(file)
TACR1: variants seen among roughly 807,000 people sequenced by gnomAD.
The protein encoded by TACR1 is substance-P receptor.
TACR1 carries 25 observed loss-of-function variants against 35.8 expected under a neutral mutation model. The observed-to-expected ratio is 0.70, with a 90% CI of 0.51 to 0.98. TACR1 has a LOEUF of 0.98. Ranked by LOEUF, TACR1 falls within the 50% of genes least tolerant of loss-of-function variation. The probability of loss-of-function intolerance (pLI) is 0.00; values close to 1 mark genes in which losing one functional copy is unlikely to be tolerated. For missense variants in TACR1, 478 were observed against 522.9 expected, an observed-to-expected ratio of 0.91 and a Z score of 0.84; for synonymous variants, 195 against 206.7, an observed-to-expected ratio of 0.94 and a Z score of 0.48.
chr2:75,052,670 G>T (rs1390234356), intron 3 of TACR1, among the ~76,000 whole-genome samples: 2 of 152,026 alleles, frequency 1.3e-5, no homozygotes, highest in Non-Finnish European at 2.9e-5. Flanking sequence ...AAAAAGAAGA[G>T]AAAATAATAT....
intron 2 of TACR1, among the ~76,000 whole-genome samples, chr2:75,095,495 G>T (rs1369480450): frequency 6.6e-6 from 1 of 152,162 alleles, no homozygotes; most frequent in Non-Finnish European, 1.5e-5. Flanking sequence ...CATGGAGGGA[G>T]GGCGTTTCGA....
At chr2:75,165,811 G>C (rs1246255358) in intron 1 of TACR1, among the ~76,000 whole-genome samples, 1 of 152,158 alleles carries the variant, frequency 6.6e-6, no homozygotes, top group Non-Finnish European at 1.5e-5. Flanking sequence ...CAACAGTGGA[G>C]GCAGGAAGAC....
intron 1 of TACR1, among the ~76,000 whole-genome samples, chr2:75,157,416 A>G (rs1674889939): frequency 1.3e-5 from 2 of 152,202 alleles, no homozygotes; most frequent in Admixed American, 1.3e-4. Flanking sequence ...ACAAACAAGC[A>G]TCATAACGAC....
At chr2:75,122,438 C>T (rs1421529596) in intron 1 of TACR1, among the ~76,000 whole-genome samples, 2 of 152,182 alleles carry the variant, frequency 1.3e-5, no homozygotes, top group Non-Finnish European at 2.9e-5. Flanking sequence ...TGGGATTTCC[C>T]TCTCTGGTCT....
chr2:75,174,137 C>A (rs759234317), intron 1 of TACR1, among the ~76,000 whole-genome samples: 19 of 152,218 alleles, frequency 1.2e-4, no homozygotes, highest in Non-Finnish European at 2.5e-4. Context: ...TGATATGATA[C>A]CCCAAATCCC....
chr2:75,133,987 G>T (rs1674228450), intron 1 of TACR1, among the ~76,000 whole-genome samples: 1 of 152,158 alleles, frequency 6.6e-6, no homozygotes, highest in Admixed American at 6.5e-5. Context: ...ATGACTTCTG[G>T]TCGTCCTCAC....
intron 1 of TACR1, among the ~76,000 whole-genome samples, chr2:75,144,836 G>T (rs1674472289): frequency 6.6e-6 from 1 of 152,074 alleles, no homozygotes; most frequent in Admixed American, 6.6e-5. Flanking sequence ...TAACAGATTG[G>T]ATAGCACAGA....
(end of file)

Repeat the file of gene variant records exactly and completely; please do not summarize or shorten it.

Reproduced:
TACR1: variants seen among roughly 807,000 people sequenced by gnomAD.
The protein encoded by TACR1 is substance-P receptor.
TACR1 carries 25 observed loss-of-function variants against 35.8 expected under a neutral mutation model. The observed-to-expected ratio is 0.70, with a 90% CI of 0.51 to 0.98. TACR1 has a LOEUF of 0.98. Ranked by LOEUF, TACR1 falls within the 50% of genes least tolerant of loss-of-function variation. The probability of loss-of-function intolerance (pLI) is 0.00; values close to 1 mark genes in which losing one functional copy is unlikely to be tolerated. For missense variants in TACR1, 478 were observed against 522.9 expected, an observed-to-expected ratio of 0.91 and a Z score of 0.84; for synonymous variants, 195 against 206.7, an observed-to-expected ratio of 0.94 and a Z score of 0.48.
chr2:75,052,670 G>T (rs1390234356), intron 3 of TACR1, among the ~76,000 whole-genome samples: 2 of 152,026 alleles, frequency 1.3e-5, no homozygotes, highest in Non-Finnish European at 2.9e-5. Flanking sequence ...AAAAAGAAGA[G>T]AAAATAATAT....
intron 2 of TACR1, among the ~76,000 whole-genome samples, chr2:75,095,495 G>T (rs1369480450): frequency 6.6e-6 from 1 of 152,162 alleles, no homozygotes; most frequent in Non-Finnish European, 1.5e-5. Flanking sequence ...CATGGAGGGA[G>T]GGCGTTTCGA....
At chr2:75,165,811 G>C (rs1246255358) in intron 1 of TACR1, among the ~76,000 whole-genome samples, 1 of 152,158 alleles carries the variant, frequency 6.6e-6, no homozygotes, top group Non-Finnish European at 1.5e-5. Flanking sequence ...CAACAGTGGA[G>C]GCAGGAAGAC....
intron 1 of TACR1, among the ~76,000 whole-genome samples, chr2:75,157,416 A>G (rs1674889939): frequency 1.3e-5 from 2 of 152,202 alleles, no homozygotes; most frequent in Admixed American, 1.3e-4. Flanking sequence ...ACAAACAAGC[A>G]TCATAACGAC....
At chr2:75,122,438 C>T (rs1421529596) in intron 1 of TACR1, among the ~76,000 whole-genome samples, 2 of 152,182 alleles carry the variant, frequency 1.3e-5, no homozygotes, top group Non-Finnish European at 2.9e-5. Flanking sequence ...TGGGATTTCC[C>T]TCTCTGGTCT....
chr2:75,174,137 C>A (rs759234317), intron 1 of TACR1, among the ~76,000 whole-genome samples: 19 of 152,218 alleles, frequency 1.2e-4, no homozygotes, highest in Non-Finnish European at 2.5e-4. Context: ...TGATATGATA[C>A]CCCAAATCCC....
chr2:75,133,987 G>T (rs1674228450), intron 1 of TACR1, among the ~76,000 whole-genome samples: 1 of 152,158 alleles, frequency 6.6e-6, no homozygotes, highest in Admixed American at 6.5e-5. Context: ...ATGACTTCTG[G>T]TCGTCCTCAC....
intron 1 of TACR1, among the ~76,000 whole-genome samples, chr2:75,144,836 G>T (rs1674472289): frequency 6.6e-6 from 1 of 152,074 alleles, no homozygotes; most frequent in Admixed American, 6.6e-5. Flanking sequence ...TAACAGATTG[G>T]ATAGCACAGA....